December 2, 2015Adam Hayes
Once an initial custody determination is made and parenting time is determined, it is not etched in stone. However, a modification of custody requires more than simply stating “this is not working out”. The party seeking to modify child custody must show that there has been a substantial change in the factors for determining custody, and a modification is in the best interests of the child1. Some major events can give rise to a petition to modify custody due to the serious nature of the event. For example, if the custodial parent seeks to move 20 hours away, this may be ...
September 2, 2014CD
As family law matters progress, one of the first issues to be determined by the parties is parenting time/custody. In some instances, the parties can agree to or are ordered to have joint physical custody. Other times, one parent is granted sole physical custody pursuant to the other parent’s parenting time. Parenting time is often granted, at a minimum, pursuant to the Indiana Parenting Time Guidelines (IPTGs)1. Generally, for older children, this includes midweek parenting time for a few hours and every other weekend for the parent exercising parenting time. The IPTGs are considered a minimum of parenting time, and if ...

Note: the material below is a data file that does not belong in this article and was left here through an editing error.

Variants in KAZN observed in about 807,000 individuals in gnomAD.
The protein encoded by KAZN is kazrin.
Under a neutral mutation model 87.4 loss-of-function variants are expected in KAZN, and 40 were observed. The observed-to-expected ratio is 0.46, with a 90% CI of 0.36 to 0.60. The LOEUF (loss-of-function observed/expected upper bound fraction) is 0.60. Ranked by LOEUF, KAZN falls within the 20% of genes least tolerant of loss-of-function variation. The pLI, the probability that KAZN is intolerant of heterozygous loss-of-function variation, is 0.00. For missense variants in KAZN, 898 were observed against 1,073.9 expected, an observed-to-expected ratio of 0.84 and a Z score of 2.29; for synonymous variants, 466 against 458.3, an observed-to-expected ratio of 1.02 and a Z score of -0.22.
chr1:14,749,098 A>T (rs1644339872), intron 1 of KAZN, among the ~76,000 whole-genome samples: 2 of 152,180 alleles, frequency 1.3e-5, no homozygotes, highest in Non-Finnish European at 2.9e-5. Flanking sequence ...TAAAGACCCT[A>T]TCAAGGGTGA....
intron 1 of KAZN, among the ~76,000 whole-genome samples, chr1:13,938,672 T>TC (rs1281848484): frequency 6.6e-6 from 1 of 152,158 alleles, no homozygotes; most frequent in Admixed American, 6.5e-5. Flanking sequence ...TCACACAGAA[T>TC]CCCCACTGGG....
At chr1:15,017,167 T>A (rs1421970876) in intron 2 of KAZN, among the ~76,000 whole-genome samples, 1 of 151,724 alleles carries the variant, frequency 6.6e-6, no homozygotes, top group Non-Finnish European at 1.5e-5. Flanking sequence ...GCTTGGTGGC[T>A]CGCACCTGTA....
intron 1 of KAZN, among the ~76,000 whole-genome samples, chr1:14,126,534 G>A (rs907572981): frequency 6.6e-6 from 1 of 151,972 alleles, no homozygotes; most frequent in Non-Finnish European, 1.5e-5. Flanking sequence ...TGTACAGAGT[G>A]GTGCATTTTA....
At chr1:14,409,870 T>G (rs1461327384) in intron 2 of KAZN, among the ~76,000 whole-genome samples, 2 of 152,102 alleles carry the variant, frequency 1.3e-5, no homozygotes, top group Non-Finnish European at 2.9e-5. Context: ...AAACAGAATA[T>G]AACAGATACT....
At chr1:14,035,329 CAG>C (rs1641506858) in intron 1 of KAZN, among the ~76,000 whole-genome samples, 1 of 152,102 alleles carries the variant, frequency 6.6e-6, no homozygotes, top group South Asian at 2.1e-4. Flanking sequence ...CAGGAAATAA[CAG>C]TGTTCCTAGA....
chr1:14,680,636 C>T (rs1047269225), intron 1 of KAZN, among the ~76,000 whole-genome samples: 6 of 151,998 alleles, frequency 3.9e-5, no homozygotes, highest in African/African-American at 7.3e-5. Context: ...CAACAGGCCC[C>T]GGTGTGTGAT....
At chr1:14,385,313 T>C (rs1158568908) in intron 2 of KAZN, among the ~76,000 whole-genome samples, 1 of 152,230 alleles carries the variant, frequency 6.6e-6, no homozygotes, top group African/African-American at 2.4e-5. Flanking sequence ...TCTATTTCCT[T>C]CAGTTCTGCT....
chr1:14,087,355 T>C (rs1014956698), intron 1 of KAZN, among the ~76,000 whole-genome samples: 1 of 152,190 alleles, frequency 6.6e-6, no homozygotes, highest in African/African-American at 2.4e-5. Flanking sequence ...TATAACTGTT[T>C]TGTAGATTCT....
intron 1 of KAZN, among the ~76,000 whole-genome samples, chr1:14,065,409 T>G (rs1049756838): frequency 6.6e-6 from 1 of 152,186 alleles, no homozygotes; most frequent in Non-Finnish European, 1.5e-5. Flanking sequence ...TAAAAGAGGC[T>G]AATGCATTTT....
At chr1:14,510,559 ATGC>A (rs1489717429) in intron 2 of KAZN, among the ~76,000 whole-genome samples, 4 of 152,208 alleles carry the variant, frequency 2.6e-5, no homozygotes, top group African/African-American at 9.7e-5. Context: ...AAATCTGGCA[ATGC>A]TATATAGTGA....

October 1, 2013CD
When custody and parenting time have been determined in a divorce or paternity action, a parenting time schedule is often put into place. Generally, a standard parenting time schedule when one parent has been granted primary or sole physical custody of a child over the age of three (3) is that the non-custodial parent will receive a midweek visitation (this may be overnight depending on the age of the child and the circumstances of the parents) and every other weekend from Friday evening to Sunday evening1. This schedule is a guideline, and can be adjusted according to what is best for ...
April 25, 2013CD
In most domestic cases involving children, child custody and child support are two (2) of the key issues in the litigation process. Determining where the child will physically reside (the custodial parent), how the parents will make legal decisions regarding the child (about major life issues, such as religious upbringing), and the amount of support owed by which parent are all common parts of divorce and paternity matters. What happens when child support is not paid? Previous blog posts have examined contempt petitions and even suspension of a parent’s driver’s license for failure to pay child support. In extreme cases, a ...
January 29, 2013CD
Ensuring the Children’s Best Interests In many of our previous blog posts, we have explored the determination of a child being CHINS (a Child in Need of Services)1, TPR (Termination of a Parent’s Rights)2, and adoption3. Ultimately, all of these cases that involve where children are placed when the parents have legal issues impacting their ability to parent are governed by the best interests standard. For instance, if a child is determined to be CHINS and a divorce is pending or has occurred or paternity has been established, the child may be placed with the other parent; usually this parent has previously ...
July 17, 2012CD